The frustration resulting from having different names on a birth certificate and on a baptismal certificate has been experienced by countless Saint Lucians. It often requires a Notary Royal to resolve the problem. Last Christmas I was reminded that names matter more to some folks, and that I am one of many who has had to resort to a Notary Royal – one Julian Charles (deceased) who worked in the law firm of Gordon and Company.
A Notary Royal was considered par for the course at the time for those with incorrect spellings of their name or who merely wanted their name changed. I had always known that my father was born out of wedlock and that, according to custom and the tradition of the Roman Catholic Church, he should have carried his mother’s surname. That surname was Beausoliel! The issue of which family surname I should carry was settled when my father married my mother. I was to be Peter Beausoliel and not Peter Alphonse, my mom’s family name. Instead, my father gave me Josie which, for some unexplained reason (adoption, maybe), he carried from Joseph Josie, his father.
At no time was I made aware of any family name other than Josie. However, when the time came to procure my first passport (early ‘60s) I was informed that Beausoliel should have been my surname. Of course I was most surprised. It didn’t take much thinking before I decided that I should keep the family name by which my father and I were known. So I resorted to a Notary Royal and renounced the newly discovered Beausoliel, which I had never used, and legally and formally adopted the surname Josie by which I was known to family, friends and schoolmates.
Last Christmas I recalled all of the above to Raymond ‘Clib’ Charles, a younger brother of former Chief Minister of Saint Lucia, George F. L. Charles. Clib lives in New York, USA. I have known him a very long time. My admiration grew when he joined the West Indies regiment in Jamaica at the formation of the West Indies Federation of the English-speaking Caribbean, in the mid-60s. Some of this island’s brightest and best young men, including a close family friend and fellow Vieux Fortian, Peter Leonce, aka Jusemay George (recently deceased), also left to join the West Indies regiment in Jamaica.
My conversation with Clib took an unpredictable twist when he mildly upbraided me for not sharing what he described as my long-held secret of a close family connection to the Beausoliels. I was surprised by the turn of the discussion and the reproach. I was even more surprised that Clib himself was connected to the Beausoliels.
He explained that his connection was through his father, James Charles, whose mother was a Beausoliel, originally from Soufriere. Of course, we concluded that the older generations of Beausoliels must have been related. That was a logical outcome given the small geographic area of origin and the island’s small population.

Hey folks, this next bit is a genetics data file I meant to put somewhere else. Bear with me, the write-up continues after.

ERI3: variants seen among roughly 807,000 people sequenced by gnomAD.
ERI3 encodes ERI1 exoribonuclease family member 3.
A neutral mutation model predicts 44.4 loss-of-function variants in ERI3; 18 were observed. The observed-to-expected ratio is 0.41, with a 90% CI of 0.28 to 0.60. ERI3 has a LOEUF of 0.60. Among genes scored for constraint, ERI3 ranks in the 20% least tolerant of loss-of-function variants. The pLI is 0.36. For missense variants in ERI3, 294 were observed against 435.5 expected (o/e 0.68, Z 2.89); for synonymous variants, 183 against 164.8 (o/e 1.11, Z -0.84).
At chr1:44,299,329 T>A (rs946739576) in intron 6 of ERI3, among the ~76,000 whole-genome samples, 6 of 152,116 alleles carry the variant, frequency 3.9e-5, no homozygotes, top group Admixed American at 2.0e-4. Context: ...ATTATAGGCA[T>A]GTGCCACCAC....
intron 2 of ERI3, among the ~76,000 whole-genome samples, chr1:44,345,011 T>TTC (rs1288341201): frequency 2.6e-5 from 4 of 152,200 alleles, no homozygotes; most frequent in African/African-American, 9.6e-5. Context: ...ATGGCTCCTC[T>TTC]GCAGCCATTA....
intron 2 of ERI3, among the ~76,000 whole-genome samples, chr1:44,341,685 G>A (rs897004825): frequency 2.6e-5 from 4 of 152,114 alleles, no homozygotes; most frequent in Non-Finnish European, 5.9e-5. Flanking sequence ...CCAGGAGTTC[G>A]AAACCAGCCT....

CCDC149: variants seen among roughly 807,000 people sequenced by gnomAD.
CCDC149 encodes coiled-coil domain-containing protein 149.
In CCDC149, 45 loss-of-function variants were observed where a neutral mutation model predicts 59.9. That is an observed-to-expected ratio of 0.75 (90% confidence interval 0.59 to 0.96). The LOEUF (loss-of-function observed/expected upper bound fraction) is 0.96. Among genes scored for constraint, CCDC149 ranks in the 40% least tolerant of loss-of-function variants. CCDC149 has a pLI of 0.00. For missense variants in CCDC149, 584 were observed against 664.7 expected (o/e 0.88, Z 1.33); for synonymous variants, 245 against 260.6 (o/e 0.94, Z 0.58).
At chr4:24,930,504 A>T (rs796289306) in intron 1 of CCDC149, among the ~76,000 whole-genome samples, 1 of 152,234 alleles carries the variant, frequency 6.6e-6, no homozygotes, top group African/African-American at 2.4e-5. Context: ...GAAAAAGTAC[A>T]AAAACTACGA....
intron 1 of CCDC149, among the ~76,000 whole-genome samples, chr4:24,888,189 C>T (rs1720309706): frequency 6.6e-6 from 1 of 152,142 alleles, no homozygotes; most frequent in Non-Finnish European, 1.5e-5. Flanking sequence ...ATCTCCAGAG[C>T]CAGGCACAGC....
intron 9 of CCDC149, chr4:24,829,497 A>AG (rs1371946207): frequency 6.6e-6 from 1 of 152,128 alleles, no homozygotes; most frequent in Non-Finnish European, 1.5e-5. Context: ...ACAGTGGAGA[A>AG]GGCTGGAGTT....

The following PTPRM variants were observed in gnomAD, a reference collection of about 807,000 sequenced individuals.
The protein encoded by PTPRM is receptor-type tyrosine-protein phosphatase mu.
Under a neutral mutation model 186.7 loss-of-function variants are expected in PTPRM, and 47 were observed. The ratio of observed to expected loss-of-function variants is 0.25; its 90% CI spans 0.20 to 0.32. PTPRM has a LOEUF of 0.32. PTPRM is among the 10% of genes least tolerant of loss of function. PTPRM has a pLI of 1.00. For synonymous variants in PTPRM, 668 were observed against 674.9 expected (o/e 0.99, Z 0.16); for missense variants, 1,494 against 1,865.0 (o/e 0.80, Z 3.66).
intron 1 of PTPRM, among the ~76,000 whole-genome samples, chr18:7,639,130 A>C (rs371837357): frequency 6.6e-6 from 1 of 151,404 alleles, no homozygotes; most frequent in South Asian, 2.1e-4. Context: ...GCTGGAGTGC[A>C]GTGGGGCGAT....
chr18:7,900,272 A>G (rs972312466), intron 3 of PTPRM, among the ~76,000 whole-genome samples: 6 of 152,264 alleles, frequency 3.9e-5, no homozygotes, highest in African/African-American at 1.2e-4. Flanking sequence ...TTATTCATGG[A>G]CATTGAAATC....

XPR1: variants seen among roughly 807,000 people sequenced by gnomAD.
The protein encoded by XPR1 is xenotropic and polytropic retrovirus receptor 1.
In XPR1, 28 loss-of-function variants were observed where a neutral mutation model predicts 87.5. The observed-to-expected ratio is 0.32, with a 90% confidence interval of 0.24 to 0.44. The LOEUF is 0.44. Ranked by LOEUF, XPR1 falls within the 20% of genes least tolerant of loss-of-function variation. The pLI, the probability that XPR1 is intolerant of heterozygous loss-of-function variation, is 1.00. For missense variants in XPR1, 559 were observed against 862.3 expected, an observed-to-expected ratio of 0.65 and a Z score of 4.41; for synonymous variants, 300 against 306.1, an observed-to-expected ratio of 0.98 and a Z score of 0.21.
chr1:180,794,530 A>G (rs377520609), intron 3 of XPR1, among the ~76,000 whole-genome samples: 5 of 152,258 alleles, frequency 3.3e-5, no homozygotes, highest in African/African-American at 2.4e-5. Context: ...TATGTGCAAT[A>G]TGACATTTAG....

I had been informed by family that my maternal relations were from Laborie and my father’s were from Grace, Vieux Fort. My father’s father was from a place known as Fond Josie – an area between Desruisseaux and Belle Vue. His maternal grandmother was a Beausoliel from Soufriere. Unfortunately, at the time, I was too busy to devote the hours in researching my family roots, perchance to identify more clearly the spread of my genetic make-up.
After reading ‘Roots’ by Alex Haiey in the early 1970s I became more determined to research my own family tree but I bumped into several roadblocks. I think my research had struck some people as suspicious, especially when I refused to explain my purpose. It was at the height of the Black Power movement in Saint Lucia so I put the suspicion down to crass ignorance. It was, at the time, the practice for anyone wishing to research family names and related matters to pay a small fee (less than three dollars) and proceed to peruse those large ledgers in the Registry that housed family records.
In that conversation with Raymond ‘Clib’ Charles last Christmas I also discovered that his father had brought 21 children into the world. George F. L. Charles was the first and Raymond ‘Clib’ Charles the 18th. James Charles also had many sisters and brothers from the Charles side; from the Beausoliel side, a sister gave birth to two boys, Juan and Stephen. She left for Panama with her sons in the 1940s. As far as Clib could tell one of the boys visited Saint Lucia in the 1970s but by then Clib had himself migrated to the USA and never got to meet his cousins.
Of course it was a shocking discovery for me to learn that Clib’s paternal grandmother had the same surname as my great grandmother. What a small world, I thought. That conversation has resuscitated my curiosity about the ancestors whose genetic material I carry. I often wonder in what ways my ancestral spirit may have contributed to who I am. There’s no need to remind you, dear reader, that we are the sum total of those who have lived before us and whose deep roots and fertile branches account for our presence, with all its weaknesses, strengths and idiosyncrasies.
It was nice to open 2017 with the reminder that we are all greater than the sum of our individual parts and that we may be the strongest survivors of the original peoples of the Caribbean. We are stronger because we are the products of the survivors of the Middle Passage mingled with the Europeans who survived malaria and harsh conditions, and the fierce Caribs. Based on the idea of natural selection, we are entitled to consider ourselves a special people. We therefore need to trust ourselves to shape a better future, regardless of which family names survived.
Perhaps names matter, after all, because they help trace a more precise family history. I remain convinced that the cross-fertilisation and survival of the early populations of Saint Lucia and the Caribbean tells an even more epic story.